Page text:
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Here's probably a very noobish question for you: How (if at all possible) can I return an ifstream from a function?

Basically, I need to obtain the filename of a database from the user, and if the database with that filename does not exist, then I need to create that file for the user. I know how to do that, but only by asking the user to restart the program after creating the file. I wanted to avoid that inconvenience for the user if possible, but the function below does not compile in gcc:

ifstream getFile() {
    string fileName;
    cout << "Please enter in the name of the file you'd like to open: ";
    cin >> fileName;
    ifstream first(fileName.c_str());
    if(first.fail()) {
        cout << "File " << fileName << " not found.\n";
        first.close();
        ofstream second(fileName.c_str());
        cout << "File created.\n";
        second.close();
        ifstream third(fileName.c_str());
        return third; //compiler error here
    }
    else
        return first;
}

EDIT: sorry, forgot to tell you where and what the compiler error was:

main.cpp:45: note: synthesized method ‘std::basic_ifstream<char, std::char_traits<char> >::basic_ifstream(const std::basic_ifstream<char, std::char_traits<char> >&)’ first required here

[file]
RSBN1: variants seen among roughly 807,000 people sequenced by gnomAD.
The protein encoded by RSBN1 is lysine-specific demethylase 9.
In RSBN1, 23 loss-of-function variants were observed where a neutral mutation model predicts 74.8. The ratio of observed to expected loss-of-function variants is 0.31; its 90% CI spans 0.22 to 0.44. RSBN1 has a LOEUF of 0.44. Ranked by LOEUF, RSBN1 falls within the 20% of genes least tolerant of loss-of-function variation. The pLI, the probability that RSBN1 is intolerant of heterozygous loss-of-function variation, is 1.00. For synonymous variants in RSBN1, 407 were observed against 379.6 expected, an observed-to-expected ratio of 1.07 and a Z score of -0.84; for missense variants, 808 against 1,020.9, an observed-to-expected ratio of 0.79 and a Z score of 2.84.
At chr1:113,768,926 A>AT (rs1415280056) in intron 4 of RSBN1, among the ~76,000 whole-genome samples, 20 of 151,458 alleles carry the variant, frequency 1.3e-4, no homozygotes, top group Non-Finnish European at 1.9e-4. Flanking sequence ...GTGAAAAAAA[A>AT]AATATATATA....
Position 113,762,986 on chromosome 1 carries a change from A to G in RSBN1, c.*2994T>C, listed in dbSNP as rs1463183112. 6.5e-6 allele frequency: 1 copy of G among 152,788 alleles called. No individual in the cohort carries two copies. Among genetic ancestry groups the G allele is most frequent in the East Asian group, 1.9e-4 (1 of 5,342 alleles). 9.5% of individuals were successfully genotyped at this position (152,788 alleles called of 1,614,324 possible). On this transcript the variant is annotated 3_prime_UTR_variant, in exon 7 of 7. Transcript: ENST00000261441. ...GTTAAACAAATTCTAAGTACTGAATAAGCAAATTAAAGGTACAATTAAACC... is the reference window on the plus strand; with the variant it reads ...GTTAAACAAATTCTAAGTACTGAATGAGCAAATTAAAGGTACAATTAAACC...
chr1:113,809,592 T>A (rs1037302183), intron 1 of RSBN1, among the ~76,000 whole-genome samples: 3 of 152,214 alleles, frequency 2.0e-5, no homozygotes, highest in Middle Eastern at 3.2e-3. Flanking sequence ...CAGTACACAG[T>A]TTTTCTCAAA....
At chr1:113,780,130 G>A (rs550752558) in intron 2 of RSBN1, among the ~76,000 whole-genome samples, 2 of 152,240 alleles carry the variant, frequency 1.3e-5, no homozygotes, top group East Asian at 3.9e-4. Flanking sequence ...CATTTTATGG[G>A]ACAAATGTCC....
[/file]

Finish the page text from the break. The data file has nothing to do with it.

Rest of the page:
EDIT: I changed the function to return a pointer instead as Remus suggested, and changed the line in main() to "ifstream database = *getFile()"; now I get this error again, but this time in the line in main():

main.cpp:27: note: synthesized method ‘std::basic_ifstream<char, std::char_traits<char> >::basic_ifstream(const std::basic_ifstream<char, std::char_traits<char> >&)’ first required here
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3  
What you've listed isn't a compiler error, it's a "note". Look at the actual error. –  Kaz Dragon Mar 8 '10 at 14:32

3 Answers 3

up vote 5 down vote accepted
bool checkFileExistence(const string& filename)
{
    ifstream f(filename.c_str());
    return f.is_open();
}

string getFileName()
{
    string filename;
    cout << "Please enter in the name of the file you'd like to open: ";
    cin >> filename;
    return filename;
}

void getFile(string filename, /*out*/ ifstream& file)
{
    const bool file_exists = checkFileExistence(filename);
    if (!file_exists) {
        cout << "File " << filename << " not found." << endl;
        filename = getFileName();  // poor style to reset input parameter though
        ofstream dummy(filename.c_str();
        if (!dummy.is_open()) {
            cerr << "Could not create file." << endl;
            return;
        }
        cout << "File created." << endl;
    }
    file.open(filename.c_str());
}

int main()
{
    // ...
    ifstream file;
    getFile("filename.ext", file);
    if (file.is_open()) {
        // do any stuff with file
    }
    // ...
}
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Thanks!!! after a bit of tinkering with your code I finally got what I wanted. :D –  wrongusername Mar 8 '10 at 20:22